The last thing Lewis thought of before his mind went blank was Raymond Mordecai and his fondness for scary stories. 


In his kitchen, Raymond Mordecai poured himself a cold glass of apple juice. He gulped down half of it as he heard his mom yelling from upstairs for him to start working on his homework. 

“Yeah, yeah… bitch,” he muttered safely out of earshot. He finished the juice and rinsed the glass in the sink before looking out the window into the backyard. He didn’t expect to see what was there.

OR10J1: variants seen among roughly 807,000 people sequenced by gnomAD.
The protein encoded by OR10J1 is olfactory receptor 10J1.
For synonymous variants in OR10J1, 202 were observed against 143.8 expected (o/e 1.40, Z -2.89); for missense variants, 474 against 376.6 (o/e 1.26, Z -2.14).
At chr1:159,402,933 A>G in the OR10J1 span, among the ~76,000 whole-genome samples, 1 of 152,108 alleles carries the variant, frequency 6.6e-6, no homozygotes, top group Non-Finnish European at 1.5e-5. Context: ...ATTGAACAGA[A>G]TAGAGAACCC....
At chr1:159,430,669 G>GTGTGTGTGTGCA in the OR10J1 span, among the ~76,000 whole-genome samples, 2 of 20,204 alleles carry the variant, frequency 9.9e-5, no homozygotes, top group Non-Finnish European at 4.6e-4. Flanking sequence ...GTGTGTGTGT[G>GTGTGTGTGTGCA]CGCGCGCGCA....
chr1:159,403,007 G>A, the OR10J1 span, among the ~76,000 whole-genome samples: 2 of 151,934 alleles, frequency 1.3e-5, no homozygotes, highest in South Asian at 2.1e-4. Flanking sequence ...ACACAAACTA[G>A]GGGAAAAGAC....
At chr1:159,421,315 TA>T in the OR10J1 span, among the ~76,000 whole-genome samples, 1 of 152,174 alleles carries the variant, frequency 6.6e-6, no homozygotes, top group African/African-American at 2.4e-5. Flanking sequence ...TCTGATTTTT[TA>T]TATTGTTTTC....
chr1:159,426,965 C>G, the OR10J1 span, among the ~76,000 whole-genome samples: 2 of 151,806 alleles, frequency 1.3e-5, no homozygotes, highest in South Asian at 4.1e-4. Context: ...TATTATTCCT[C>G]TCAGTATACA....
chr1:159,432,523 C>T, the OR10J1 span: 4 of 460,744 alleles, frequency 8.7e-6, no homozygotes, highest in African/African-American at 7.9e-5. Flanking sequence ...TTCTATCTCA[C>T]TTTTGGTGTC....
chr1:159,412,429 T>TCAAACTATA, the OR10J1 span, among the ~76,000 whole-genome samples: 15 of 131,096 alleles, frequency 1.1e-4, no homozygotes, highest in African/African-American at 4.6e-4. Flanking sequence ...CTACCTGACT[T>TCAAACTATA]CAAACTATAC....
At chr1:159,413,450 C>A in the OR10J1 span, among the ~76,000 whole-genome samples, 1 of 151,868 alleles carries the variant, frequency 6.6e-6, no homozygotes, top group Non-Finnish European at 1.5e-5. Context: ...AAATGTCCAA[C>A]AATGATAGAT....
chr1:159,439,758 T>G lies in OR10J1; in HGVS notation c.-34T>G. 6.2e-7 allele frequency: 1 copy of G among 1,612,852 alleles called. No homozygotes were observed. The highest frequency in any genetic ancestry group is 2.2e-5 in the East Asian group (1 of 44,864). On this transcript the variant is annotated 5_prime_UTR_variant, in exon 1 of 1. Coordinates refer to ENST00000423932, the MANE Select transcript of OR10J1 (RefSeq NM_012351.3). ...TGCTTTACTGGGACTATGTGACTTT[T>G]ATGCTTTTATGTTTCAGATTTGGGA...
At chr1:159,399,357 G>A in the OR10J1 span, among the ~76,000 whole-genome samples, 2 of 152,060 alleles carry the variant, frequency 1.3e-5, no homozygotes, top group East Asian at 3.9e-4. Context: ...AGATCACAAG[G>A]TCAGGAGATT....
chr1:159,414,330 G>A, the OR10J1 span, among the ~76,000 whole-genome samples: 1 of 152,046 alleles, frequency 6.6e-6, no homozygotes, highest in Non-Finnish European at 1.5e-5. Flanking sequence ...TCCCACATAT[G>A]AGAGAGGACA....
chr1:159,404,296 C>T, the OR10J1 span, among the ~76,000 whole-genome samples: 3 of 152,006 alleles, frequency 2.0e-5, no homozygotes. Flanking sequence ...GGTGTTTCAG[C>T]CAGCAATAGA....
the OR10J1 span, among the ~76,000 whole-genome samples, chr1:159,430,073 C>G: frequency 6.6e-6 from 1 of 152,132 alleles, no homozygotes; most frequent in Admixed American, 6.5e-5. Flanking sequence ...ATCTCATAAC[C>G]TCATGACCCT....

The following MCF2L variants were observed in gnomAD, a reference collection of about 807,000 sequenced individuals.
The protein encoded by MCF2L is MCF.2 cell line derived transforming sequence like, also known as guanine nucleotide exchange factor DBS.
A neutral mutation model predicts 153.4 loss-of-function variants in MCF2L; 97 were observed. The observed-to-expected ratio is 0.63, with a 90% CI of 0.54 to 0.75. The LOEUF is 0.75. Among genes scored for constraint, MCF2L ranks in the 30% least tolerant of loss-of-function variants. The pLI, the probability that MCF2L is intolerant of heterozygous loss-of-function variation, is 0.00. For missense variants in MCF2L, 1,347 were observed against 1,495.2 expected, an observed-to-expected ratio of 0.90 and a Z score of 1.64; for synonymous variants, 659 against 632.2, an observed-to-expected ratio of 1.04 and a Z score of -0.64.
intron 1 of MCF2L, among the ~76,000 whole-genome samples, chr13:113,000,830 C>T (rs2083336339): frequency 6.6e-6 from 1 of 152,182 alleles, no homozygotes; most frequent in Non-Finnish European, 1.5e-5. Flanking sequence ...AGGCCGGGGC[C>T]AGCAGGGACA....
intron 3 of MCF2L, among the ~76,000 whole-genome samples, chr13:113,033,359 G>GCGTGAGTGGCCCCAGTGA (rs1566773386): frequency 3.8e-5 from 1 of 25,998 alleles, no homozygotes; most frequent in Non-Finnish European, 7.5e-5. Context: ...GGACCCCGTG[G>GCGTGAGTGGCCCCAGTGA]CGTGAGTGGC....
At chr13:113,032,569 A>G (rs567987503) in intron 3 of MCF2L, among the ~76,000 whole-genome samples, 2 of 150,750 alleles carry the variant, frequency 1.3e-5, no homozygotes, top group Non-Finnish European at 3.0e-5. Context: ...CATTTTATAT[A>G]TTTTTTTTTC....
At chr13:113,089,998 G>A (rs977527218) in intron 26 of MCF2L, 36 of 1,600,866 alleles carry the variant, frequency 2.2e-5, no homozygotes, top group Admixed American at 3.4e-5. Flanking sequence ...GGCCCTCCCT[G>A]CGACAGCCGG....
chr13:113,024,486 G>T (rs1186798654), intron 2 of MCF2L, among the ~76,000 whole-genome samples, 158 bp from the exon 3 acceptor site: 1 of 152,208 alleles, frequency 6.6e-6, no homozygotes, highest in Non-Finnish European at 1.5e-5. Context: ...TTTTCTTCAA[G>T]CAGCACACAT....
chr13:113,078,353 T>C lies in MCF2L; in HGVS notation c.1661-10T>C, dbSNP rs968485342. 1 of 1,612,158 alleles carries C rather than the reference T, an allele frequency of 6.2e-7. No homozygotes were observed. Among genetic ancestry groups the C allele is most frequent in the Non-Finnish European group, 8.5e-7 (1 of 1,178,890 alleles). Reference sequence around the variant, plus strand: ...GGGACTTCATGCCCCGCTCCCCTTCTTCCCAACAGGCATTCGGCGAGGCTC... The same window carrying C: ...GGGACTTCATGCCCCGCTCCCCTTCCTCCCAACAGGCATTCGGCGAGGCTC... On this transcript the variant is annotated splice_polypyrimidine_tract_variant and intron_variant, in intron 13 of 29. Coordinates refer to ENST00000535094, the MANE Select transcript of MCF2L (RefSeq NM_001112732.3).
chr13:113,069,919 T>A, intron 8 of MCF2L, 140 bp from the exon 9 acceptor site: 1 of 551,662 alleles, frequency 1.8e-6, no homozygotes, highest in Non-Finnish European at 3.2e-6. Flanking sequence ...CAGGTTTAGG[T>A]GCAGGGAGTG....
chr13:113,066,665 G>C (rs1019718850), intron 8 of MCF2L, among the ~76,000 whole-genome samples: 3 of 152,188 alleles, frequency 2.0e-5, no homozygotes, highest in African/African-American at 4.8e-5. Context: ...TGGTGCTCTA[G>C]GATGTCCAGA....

In the darkness of the yard stood a figure. A large, white figure. Raymond pressed his face closer to the window and curled his lip in confusion.  

Was that the kid from the bus stop? Lewis or some shit? Why was he in his backyard? And why’d he look so… pale? And swollen?

Raymond set down the glass in the sink with a soft metallic tink. He then unlocked the kitchen door and stepped outside.  

“Hey! What are you doing here, kid?”

The bloated boy moved closer to Raymond. Drool poured from his puffy lips. And from somewhere deep inside of him came the words, “It wantssss ttthhhhe flesssshhhh. It needssss tttthhhe flesssssshhhh.”